#1
since i'm still pretty new to guitars (my acoustic is almost a year old and my electric 4 months) i have no experience with worn frets, and i was wondering...
how long does it take for frets to wear out so they would cause bad tone and buzzing? for an average player...
#2
I'm actually not a 100% sure,

But honestly, your guitars at that age would have probabaly none to minimal signs of fret wear. They sell guitars on ebay from the 80's, 70's and the 60's and their frets are usually pretty much ok. I have a classical maton guitar thats at least 30 years old and the frets on it are in good condition. Unless its a hunk of crap guitar with frets made of really thin wire.

Dan
Gear List;

Laney VH100R with Matching Cab
Ibanez RGT42FM
Schecter C-1+
BC Rich Neck Thru Warlock
ISP Noise Decimator
Ibanez TS9
#3
Quote by 666_Belial
since i'm still pretty new to guitars (my acoustic is almost a year old and my electric 4 months) i have no experience with worn frets, and i was wondering...
how long does it take for frets to wear out so they would cause bad tone and buzzing? for an average player...


Many years and a lot of playing. If you see flat spots on the frets, that's totally
normal and you can play on them for quite some time. Until you really notice
it. I've had my 74 Gibson L5S for 25 years and I've had 1 fret job on it.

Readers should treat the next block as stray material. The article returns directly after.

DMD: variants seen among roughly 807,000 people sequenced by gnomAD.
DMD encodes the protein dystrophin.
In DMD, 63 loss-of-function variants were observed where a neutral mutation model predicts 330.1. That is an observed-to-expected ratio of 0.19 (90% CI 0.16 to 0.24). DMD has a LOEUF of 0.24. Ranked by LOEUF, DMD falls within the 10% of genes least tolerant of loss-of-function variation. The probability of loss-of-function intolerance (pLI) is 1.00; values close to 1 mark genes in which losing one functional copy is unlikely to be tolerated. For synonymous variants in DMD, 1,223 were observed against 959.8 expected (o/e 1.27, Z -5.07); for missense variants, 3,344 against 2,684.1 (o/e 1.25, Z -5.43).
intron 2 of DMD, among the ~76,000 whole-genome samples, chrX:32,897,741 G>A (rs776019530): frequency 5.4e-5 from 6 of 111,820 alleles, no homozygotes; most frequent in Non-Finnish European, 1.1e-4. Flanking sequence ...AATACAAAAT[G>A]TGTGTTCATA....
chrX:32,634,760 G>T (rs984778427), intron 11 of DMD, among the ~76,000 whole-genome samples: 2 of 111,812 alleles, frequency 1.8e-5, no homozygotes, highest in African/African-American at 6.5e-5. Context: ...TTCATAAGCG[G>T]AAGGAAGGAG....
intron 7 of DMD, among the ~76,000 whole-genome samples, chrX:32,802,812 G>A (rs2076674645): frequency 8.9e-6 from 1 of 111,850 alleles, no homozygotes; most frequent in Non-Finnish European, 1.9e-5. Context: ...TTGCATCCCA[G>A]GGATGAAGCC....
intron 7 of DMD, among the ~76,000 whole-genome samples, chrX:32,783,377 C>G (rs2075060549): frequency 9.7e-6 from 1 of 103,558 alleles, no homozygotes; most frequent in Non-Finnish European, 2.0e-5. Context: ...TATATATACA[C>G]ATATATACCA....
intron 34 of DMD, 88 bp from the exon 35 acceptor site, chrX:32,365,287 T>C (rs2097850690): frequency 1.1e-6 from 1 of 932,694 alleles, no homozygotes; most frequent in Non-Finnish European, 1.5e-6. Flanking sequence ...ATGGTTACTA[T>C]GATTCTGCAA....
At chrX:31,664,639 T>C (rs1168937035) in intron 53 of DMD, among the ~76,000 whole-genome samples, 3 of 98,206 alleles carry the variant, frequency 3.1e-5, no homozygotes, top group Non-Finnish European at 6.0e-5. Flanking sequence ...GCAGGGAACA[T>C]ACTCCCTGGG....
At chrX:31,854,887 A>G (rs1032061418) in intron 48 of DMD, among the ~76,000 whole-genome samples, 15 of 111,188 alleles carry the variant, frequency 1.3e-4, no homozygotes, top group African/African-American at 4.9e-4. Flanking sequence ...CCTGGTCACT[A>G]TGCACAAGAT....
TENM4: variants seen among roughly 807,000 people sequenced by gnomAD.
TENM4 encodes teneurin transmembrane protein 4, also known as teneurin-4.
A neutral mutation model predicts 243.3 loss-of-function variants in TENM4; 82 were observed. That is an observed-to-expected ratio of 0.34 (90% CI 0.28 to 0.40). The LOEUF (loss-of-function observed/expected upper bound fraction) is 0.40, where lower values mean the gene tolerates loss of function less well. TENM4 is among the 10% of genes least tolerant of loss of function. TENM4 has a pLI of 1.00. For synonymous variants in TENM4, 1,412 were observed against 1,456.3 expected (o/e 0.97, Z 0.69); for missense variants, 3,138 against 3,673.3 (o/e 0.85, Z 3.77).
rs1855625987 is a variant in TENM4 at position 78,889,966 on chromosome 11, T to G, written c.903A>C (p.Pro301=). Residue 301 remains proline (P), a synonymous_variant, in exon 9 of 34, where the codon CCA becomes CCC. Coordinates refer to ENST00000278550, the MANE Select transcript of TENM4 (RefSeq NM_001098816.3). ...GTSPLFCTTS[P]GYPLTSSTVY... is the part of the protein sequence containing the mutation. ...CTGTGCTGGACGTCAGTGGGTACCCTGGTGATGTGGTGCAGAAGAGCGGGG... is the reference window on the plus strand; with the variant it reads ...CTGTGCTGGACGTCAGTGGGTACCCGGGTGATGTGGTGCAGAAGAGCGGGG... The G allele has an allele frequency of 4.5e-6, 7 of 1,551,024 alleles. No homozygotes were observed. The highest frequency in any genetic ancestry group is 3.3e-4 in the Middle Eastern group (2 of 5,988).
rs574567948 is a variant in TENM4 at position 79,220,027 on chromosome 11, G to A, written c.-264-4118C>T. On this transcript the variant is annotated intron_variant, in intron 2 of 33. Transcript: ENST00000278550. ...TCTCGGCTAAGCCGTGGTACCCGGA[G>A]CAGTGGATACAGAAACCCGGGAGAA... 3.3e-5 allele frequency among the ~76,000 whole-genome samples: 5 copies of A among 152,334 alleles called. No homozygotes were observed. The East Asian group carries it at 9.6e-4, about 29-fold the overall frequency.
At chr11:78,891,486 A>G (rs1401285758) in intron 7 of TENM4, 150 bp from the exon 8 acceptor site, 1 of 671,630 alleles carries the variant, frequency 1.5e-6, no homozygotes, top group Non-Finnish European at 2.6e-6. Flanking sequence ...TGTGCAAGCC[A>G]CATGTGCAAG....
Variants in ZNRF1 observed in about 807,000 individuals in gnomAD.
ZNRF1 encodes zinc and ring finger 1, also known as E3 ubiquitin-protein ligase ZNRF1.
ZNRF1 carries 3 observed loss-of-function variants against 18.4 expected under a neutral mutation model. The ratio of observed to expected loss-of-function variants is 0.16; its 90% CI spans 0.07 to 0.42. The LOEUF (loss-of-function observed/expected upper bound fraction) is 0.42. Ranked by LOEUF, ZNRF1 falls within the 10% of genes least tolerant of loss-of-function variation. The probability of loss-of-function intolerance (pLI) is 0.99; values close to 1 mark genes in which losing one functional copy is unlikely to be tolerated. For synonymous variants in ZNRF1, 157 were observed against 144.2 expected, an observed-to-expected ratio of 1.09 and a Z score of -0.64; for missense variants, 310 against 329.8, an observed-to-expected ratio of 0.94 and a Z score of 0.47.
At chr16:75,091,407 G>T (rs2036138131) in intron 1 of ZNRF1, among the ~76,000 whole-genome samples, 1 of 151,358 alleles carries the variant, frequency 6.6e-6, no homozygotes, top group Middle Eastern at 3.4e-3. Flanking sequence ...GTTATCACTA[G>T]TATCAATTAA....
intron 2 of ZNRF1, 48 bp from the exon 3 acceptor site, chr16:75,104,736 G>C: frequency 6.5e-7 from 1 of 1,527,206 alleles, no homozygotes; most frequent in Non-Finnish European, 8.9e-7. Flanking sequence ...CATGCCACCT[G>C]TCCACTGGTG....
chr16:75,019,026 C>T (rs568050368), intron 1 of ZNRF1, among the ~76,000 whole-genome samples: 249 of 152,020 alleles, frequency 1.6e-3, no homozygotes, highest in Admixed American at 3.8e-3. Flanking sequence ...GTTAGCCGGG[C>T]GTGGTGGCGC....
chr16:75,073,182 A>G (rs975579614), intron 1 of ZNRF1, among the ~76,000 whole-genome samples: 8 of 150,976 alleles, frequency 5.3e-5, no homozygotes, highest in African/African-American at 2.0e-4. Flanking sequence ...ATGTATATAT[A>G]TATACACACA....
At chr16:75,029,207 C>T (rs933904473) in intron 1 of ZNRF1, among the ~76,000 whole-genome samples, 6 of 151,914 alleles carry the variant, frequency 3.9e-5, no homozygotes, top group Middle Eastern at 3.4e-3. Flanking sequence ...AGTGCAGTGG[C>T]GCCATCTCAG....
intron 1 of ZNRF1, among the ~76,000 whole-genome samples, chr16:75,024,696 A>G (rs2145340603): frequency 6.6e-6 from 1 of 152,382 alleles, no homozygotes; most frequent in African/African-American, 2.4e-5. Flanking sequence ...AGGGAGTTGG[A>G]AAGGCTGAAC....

#4
It really depents on a lot of things. First, frets are made of a rather soft brass/nickle alloy that easily wears out. Using a capo or roaming only on the lowest five frets makes matters worse (This means that expert players are a lot easyer on the frets than primitive insults to culture like me). Old guitars that show no fretwear are either refretted or have not been played extensively.
On the other hand; a little bit of wear should have no big consequences. If the frets lost their rounded shape and are flattened a bit, but you notice no problems when playing, just go on wearing the buggers out.
Problems arise when grooves right underneath a string make it hard to bend up the string. A worn fret while the next higher one is as new can cause fretbuzz, but most of the time wear becomes gradually less higher on the fretboard. Such problems can probably be solved by a little dressing up with key file and sanding paper (and not forgetting to mention maskin tape)
The main reason to decide to do a refret is a messed up intonation on open chords, when the fretted notes have to be pressed down too much and don't match the open strings any more. When attempts to solve this by lowering the top nut only causes fretbuzz higher up the neck, you know the Time Between Overhauls has passed.